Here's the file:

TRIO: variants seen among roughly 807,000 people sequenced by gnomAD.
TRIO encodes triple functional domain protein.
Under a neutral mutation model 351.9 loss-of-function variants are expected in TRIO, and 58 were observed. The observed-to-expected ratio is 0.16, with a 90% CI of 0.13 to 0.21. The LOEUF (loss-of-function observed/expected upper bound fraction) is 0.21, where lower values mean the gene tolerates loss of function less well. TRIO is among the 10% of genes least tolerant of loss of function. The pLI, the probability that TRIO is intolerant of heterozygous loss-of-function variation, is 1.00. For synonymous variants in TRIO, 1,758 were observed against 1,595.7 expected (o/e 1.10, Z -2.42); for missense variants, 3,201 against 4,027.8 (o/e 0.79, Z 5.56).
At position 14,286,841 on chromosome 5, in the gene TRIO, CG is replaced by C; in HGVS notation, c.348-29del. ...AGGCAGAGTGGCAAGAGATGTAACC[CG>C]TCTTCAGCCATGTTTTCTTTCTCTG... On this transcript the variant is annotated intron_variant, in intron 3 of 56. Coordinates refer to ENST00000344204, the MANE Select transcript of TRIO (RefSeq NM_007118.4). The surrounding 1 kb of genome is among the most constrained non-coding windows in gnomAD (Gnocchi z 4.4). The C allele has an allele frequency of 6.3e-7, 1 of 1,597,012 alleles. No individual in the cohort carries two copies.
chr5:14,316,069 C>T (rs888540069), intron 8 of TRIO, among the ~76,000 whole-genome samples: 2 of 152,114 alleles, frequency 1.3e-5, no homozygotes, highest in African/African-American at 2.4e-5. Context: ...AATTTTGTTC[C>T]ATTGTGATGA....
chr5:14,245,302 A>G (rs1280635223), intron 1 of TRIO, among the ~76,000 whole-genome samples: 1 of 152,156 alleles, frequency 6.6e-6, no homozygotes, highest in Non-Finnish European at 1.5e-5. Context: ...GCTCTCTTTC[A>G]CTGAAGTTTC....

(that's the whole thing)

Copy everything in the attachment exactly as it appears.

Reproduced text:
TRIO: variants seen among roughly 807,000 people sequenced by gnomAD.
TRIO encodes triple functional domain protein.
Under a neutral mutation model 351.9 loss-of-function variants are expected in TRIO, and 58 were observed. The observed-to-expected ratio is 0.16, with a 90% CI of 0.13 to 0.21. The LOEUF (loss-of-function observed/expected upper bound fraction) is 0.21, where lower values mean the gene tolerates loss of function less well. TRIO is among the 10% of genes least tolerant of loss of function. The pLI, the probability that TRIO is intolerant of heterozygous loss-of-function variation, is 1.00. For synonymous variants in TRIO, 1,758 were observed against 1,595.7 expected (o/e 1.10, Z -2.42); for missense variants, 3,201 against 4,027.8 (o/e 0.79, Z 5.56).
At position 14,286,841 on chromosome 5, in the gene TRIO, CG is replaced by C; in HGVS notation, c.348-29del. ...AGGCAGAGTGGCAAGAGATGTAACC[CG>C]TCTTCAGCCATGTTTTCTTTCTCTG... On this transcript the variant is annotated intron_variant, in intron 3 of 56. Coordinates refer to ENST00000344204, the MANE Select transcript of TRIO (RefSeq NM_007118.4). The surrounding 1 kb of genome is among the most constrained non-coding windows in gnomAD (Gnocchi z 4.4). The C allele has an allele frequency of 6.3e-7, 1 of 1,597,012 alleles. No individual in the cohort carries two copies.
chr5:14,316,069 C>T (rs888540069), intron 8 of TRIO, among the ~76,000 whole-genome samples: 2 of 152,114 alleles, frequency 1.3e-5, no homozygotes, highest in African/African-American at 2.4e-5. Context: ...AATTTTGTTC[C>T]ATTGTGATGA....
chr5:14,245,302 A>G (rs1280635223), intron 1 of TRIO, among the ~76,000 whole-genome samples: 1 of 152,156 alleles, frequency 6.6e-6, no homozygotes, highest in Non-Finnish European at 1.5e-5. Context: ...GCTCTCTTTC[A>G]CTGAAGTTTC....